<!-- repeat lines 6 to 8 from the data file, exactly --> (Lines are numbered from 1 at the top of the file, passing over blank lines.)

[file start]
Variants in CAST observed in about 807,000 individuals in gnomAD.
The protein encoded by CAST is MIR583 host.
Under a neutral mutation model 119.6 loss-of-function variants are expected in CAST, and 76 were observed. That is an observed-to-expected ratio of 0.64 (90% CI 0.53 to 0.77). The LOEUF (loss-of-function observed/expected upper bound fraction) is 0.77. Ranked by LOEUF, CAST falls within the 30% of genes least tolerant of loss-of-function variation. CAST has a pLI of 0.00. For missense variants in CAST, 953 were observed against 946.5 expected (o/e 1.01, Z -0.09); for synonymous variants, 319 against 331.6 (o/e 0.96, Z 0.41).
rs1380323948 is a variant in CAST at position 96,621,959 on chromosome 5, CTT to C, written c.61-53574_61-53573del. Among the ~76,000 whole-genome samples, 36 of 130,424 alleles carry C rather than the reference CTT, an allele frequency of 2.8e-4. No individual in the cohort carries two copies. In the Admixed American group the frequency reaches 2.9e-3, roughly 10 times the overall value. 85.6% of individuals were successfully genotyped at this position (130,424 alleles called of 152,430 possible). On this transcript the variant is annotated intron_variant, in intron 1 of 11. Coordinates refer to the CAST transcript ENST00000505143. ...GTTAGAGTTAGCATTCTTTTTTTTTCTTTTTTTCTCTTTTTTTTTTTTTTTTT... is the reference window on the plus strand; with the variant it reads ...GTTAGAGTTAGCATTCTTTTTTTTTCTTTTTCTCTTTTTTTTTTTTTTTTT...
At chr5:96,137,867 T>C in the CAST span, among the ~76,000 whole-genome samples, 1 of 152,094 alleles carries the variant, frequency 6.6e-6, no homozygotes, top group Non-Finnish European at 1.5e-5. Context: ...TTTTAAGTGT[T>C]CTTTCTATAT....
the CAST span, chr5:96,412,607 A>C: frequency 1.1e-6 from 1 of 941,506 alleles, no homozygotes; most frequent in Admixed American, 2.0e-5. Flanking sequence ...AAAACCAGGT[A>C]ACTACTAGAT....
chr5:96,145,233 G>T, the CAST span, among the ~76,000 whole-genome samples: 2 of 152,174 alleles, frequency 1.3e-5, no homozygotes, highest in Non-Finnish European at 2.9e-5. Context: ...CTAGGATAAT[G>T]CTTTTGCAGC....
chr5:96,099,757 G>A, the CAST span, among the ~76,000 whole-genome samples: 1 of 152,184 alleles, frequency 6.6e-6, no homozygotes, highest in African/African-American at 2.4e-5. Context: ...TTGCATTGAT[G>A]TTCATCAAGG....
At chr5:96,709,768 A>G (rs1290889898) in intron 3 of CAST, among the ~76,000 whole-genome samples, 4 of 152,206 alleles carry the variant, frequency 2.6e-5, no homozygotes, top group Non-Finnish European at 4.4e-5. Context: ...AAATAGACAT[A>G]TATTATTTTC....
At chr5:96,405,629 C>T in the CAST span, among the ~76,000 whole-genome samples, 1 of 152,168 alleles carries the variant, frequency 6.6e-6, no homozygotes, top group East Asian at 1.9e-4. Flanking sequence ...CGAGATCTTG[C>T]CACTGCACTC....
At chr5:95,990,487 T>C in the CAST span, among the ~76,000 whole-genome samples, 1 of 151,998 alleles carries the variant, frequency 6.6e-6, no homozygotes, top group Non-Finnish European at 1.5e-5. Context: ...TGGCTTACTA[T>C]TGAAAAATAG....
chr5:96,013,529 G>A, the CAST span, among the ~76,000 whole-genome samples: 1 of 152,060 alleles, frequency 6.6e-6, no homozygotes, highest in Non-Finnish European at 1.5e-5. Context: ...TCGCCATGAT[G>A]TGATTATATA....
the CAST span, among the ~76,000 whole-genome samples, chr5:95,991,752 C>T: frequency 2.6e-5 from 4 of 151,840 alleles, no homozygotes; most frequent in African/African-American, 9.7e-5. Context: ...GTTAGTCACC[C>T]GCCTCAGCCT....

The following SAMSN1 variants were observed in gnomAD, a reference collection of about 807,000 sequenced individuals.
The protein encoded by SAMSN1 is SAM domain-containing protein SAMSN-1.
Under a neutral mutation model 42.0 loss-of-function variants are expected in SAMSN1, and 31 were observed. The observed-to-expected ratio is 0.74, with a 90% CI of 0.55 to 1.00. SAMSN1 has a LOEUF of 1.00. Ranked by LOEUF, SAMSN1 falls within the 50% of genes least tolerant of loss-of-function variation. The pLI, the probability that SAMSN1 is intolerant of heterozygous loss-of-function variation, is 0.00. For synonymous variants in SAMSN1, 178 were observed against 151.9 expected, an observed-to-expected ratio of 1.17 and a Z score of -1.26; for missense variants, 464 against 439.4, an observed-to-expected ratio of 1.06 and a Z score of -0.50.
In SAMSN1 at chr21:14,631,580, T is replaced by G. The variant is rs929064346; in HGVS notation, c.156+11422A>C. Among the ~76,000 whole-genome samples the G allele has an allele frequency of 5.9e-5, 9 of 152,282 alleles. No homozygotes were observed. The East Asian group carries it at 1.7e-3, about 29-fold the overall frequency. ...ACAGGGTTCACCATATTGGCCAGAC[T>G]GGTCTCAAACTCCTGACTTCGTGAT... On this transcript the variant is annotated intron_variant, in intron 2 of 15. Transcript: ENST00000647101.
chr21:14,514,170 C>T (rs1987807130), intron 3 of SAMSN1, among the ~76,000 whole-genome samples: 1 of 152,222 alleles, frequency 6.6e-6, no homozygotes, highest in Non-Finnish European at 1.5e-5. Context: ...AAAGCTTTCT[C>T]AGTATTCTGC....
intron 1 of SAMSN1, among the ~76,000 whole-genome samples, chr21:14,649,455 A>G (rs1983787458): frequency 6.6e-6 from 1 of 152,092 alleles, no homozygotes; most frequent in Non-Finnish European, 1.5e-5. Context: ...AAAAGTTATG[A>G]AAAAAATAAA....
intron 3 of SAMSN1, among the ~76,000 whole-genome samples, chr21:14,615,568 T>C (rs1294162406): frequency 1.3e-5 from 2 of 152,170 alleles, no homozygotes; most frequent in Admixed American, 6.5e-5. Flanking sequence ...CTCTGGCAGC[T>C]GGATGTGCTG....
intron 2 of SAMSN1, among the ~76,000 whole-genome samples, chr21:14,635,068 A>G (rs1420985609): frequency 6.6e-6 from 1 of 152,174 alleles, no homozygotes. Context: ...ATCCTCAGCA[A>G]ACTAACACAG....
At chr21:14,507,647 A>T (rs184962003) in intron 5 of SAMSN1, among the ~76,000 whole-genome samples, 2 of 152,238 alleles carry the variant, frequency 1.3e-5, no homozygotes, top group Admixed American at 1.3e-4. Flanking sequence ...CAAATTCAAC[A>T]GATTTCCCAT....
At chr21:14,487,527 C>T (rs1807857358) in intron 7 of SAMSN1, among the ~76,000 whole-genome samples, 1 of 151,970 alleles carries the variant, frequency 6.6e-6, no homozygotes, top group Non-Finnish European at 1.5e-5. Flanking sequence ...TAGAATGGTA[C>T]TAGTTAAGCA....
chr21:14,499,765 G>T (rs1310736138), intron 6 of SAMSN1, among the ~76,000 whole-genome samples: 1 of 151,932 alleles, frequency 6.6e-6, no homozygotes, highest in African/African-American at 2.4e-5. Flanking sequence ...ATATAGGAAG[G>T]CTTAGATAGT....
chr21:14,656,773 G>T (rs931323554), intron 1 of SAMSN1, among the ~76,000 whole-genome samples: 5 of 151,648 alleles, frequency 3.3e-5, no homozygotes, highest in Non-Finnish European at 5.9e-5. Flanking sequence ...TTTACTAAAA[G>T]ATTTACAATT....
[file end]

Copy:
the CAST span, chr5:96,412,607 A>C: frequency 1.1e-6 from 1 of 941,506 alleles, no homozygotes; most frequent in Admixed American, 2.0e-5. Flanking sequence ...AAAACCAGGT[A>C]ACTACTAGAT....
chr5:96,145,233 G>T, the CAST span, among the ~76,000 whole-genome samples: 2 of 152,174 alleles, frequency 1.3e-5, no homozygotes, highest in Non-Finnish European at 2.9e-5. Context: ...CTAGGATAAT[G>T]CTTTTGCAGC....
chr5:96,099,757 G>A, the CAST span, among the ~76,000 whole-genome samples: 1 of 152,184 alleles, frequency 6.6e-6, no homozygotes, highest in African/African-American at 2.4e-5. Context: ...TTGCATTGAT[G>A]TTCATCAAGG....